There’s enough to ION to merit a separate blog post at some point down the line – it supports on-prem, on-demand, and hybrid deployments, peer-to-peer and loosely coupled integration, and it’s based on the OAGIS business object document standard. If ION really fulfills is promise then Infor will have done what Oracle in particular has failed to do: rationalize its portfolio through integration and make the whole greater than the sum of the parts.
Infor is also standardizing localizations and mobile access across the entire portfolio. And the company is further refining its cloud strategy, offering new customers the option of road-testing their Infor apps in the cloud and then, as needed, deploying to an on-premise environment or remaining in the cloud, whichever makes the most sense. This isn’t necessarily the orthodox cloud strategy that the orthodox cloud crowd would like – which is great, IMO. Customer choice should always trump orthodoxy.
In all, it’s a well-thought out approach to rationalizing a huge portfolio of products, most of which were acquired largely without any thought to rationalization.
But even more interesting than this post-hoc rationalization process is the company’s go-to-market strategy, which gives it an interesting point of differentiation in an enterprise software market that frequently lacks effective differentiation. The essence of Infor’s strategy is to tackle what is commonly referred to as the micro-vertical market, as specific vertical industries like dairy or brewing, as opposed to looking at the market through the lens of larger categories like food and beverage.
This makes a ton of sense for a couple of reasons: Infor’s rollup of dozens of enterprise software companies has given the company serious credentials in a lot of very specific markets. Some are familiar markets that don’t seem very “micro”, like aerospace, automotive, pharma, and high-tech. But the others are more micro than macro – like breweries, hospitals, hospitality, and industrial distribution.
Phillips makes this an important distinction, and I think it’s a good one. We tend to think of food and beverage as a market, whereas, according to Phillips, it’s a sector. The micro-verticals – dairy production, brewing, baking, and meat processing – have radically different requirements in terms of how raw materials are acquired and processed, and how finished goods are produced and taken to market. Building software and going to market specifically for these micro-verticals makes tremendous sense. Whereas, building software and going to market at the sector level tends to produce one-size-fits-none software and the need for a lot of customization and configuration.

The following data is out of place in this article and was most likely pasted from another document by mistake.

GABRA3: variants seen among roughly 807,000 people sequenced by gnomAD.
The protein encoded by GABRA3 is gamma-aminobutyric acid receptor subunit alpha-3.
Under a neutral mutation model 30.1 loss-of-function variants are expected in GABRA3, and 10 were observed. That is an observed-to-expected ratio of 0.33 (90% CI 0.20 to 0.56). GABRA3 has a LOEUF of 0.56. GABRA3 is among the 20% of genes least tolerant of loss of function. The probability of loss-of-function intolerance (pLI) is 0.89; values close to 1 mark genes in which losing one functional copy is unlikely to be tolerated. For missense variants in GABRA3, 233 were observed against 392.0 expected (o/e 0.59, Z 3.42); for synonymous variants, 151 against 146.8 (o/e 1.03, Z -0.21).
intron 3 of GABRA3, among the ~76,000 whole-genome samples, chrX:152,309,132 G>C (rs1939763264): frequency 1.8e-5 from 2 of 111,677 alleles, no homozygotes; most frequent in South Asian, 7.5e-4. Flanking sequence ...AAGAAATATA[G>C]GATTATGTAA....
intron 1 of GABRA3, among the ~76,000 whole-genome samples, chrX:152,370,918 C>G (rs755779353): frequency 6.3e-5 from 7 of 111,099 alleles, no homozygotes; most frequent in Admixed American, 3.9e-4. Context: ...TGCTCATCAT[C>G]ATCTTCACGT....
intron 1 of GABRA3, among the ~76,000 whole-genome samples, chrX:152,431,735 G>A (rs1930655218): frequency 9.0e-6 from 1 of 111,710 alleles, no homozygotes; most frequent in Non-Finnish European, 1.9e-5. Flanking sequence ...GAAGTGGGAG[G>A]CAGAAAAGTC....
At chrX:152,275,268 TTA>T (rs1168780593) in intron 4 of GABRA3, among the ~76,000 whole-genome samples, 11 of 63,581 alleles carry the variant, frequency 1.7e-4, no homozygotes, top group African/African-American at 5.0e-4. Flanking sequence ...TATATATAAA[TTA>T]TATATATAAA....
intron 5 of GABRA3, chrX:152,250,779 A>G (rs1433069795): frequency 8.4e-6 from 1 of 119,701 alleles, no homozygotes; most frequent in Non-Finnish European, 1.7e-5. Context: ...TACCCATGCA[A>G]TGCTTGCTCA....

This focus also changes the competitive nature of what Infor has to do in order to succeed. Instead of taking on the Big Three head on, Infor can go after a micro-vertical market that is dominated by a combination of relatively small companies and VARs, many of which are privately held and not well-known outside their micro-vertical.
This could make life hard for the Big Three. Many of these companies Infor wants to compete against are Microsoft VARs that have been getting a little less love from Microsoft since it decided to focus its partner efforts on building a cadre of larger, more globally effective VARs and going direct to the large enterprise. SAP’s approach to the mid-market – particularly with All-in-One – has lacked a strong degree of micro-vertical focus and could make it vulnerable to Infor’s ability to focus a specific product set on a specific market. And Oracle’s inability to provide an upgrade path to Fusion for many of its micro-vertical customers – particularly its JDE customers – is a point of vulnerability that Infor can attack with this micro-vertical approach.
The Infor team provided some insight into a set of recent wins that highlighted these opportunities, including an impressive number of SAP wins, as well some PeopleSoft and an early knock-out for Microsoft Dynamics. The details were given under NDA, and there was time to discuss only a handful, but suffice to say that they prove a point: Infor isn’t just selling maintenance contacts for aging software– it can compete, and win, against the best.
If they can do that consistently, and keep their renewals up and continue to entice their customers to upgrade instead of shack up with a competitor, Infor will be a great turnaround story and make for a helluva interesting IPO or acquisition (I vote for the latter) down the road.
The great thing about the enterprise software market is that, once you leave the domain of the very largest companies, the number one competitor in most geographies and verticals is “other” – a set of companies too small to be statistically relevant by themselves in any large scale market survey. If Infor has its way they’re going to seriously dent the impact of “other” in the market. And if they do, the non-others – SAP, Oracle, and Microsoft – are going to have another big competitors to worry about.